So even though I don’t know what to say, and even though all i want to do is clutch you to my chest so desperately that for a moment, neither of us will breathe, I need to take a breath and I need to live. Not with you. Not without you. But in honor of you. If there is a heaven, if there is an afterlife, then maybe I’ll see you again someday. And I can only hope that you will have continued to grow there instead of being frozen at 14 so when I see you again, we’ll both be grown. And even if that doesn’t happen, I will forever remember you in all your passion and agony and glory, just as you deserve to be remembered. And we will make a difference, Buddy, just like we always said. You can put your life on that.


Your friend,



An Explanation of A Journey part 3

During the first week I spent in the hospital, I went through withdrawal from all the synthetic marijuana I had been smoking. I writhed in bed with frequent muscle spasms and uncontrollable bouts of chills. I felt too sick to eat or drink, so I started to lose weight, although that was the last thing on my mind. I hated myself and I cursed all of the decisions that had caused my hospitalization. I wanted to go home and smoke a ton of spice and end my life. I told my doctor that I was going to sign myself out of the hospital and he threatened to involuntarily commit me if I tried because I was too much of a risk to myself.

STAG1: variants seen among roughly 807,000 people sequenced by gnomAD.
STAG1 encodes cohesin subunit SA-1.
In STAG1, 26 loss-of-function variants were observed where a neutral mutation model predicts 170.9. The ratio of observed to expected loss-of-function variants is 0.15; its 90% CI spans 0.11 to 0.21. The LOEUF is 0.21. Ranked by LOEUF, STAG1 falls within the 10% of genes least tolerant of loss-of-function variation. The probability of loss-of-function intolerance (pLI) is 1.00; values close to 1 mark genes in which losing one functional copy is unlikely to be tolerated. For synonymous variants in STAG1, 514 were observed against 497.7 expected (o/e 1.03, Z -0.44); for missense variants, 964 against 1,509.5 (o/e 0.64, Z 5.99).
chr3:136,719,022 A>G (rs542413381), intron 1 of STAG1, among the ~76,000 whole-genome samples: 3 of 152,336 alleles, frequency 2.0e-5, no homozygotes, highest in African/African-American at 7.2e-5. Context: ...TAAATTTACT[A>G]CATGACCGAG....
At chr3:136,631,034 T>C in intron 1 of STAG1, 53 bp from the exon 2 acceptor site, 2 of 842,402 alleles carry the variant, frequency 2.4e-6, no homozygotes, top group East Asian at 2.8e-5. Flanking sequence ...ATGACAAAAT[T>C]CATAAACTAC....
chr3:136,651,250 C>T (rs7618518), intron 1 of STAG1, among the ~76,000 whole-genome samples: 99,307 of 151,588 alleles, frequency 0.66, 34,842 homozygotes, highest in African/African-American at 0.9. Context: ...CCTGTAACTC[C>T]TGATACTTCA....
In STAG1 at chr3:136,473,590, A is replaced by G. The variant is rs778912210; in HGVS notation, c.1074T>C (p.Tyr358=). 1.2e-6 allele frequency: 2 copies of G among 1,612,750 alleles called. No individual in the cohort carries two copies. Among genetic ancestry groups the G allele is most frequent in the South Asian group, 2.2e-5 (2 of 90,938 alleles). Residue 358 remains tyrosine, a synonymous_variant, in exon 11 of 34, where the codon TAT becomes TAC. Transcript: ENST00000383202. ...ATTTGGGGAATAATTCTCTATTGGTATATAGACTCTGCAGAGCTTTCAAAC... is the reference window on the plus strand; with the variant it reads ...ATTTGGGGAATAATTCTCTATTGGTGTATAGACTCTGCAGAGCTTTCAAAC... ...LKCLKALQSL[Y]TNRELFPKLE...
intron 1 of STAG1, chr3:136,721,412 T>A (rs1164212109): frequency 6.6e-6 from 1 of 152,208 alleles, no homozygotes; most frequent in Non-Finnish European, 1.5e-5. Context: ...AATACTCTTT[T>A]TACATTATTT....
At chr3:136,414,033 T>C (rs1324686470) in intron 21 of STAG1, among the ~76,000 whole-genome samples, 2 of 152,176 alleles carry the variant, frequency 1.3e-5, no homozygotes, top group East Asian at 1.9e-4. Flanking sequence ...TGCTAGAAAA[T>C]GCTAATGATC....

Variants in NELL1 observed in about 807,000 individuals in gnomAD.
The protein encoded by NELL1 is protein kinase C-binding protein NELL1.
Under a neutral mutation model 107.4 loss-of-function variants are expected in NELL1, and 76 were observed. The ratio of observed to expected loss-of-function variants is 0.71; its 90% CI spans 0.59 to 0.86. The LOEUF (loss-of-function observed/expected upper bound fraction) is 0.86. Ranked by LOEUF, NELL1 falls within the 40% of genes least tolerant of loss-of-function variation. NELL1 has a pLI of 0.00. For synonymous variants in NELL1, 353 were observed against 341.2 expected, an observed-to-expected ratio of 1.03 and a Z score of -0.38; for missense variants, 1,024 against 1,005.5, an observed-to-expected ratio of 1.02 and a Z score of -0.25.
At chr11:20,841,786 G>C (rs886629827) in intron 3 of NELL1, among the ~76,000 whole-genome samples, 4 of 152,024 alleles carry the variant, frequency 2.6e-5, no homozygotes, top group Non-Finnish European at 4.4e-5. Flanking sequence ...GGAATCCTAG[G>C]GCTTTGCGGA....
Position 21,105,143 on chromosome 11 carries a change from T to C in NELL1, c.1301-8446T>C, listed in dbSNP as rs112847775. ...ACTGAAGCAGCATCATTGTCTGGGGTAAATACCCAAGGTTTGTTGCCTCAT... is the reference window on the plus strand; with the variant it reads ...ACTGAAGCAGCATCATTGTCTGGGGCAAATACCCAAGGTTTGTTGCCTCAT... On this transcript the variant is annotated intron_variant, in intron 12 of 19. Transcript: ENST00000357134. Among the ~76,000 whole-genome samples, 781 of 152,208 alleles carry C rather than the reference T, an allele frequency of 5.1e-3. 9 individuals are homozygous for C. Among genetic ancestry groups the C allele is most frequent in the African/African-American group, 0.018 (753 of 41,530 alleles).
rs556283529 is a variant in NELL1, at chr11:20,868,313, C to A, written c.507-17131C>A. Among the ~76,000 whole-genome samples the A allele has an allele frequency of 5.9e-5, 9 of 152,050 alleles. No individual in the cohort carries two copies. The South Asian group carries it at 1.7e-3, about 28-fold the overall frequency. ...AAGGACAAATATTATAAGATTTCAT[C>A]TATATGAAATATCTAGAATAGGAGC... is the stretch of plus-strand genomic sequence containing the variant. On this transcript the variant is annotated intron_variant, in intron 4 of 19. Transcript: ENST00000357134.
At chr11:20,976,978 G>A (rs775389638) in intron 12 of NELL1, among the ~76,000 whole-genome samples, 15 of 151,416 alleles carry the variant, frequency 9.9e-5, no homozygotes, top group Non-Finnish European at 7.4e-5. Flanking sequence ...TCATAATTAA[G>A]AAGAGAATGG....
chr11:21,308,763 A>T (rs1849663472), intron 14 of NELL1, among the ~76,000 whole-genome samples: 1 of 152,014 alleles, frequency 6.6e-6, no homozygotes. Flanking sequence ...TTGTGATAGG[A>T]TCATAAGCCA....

After two doctor changes, I found out that I was made a “long-term care referral”. What that meant was that the people in charge of my care didn’t think that I was making enough progress for a regular hospital stay. They thought that I needed longer-term care at either the extended acute unit at the hospital or even worse, a state hospital. Those are the only options that made sense at the time because I wasn’t improving at all. Although for my first month or so, I was the social butterfly of the unit, I quickly declined as my hallucinations and flashbacks increased and worsened. The more my therapist and I tried to work on them, the worse it got and the more I isolated from everyone else around me. Staff members and other patients had to basically pry me out of my room at times because I was so paralyzed by everything going on in my mind.

My therapist at inpatient and I talked more in-depth about my friend, Isaiah, and my trauma history than I ever had with anyone else, which caused all of my symptoms to skyrocket. The hallucinations of my best friend hanging only got worse in the hospital. I had originally blamed them entirely on the spice, but I was forced to face that there was more to work through. My body memories also intensified. Body memories are like sensory flashbacks of abuse or other traumatic incidents. You can feel impacts or people touching you all over again. It’s extremely scary and disconcerting, especially when around other people. I kept to myself a lot for the periods of time when I was experiencing the hallucinations and flashbacks just because of how terrifying they were, let alone in a crowd of people making random noises and movements.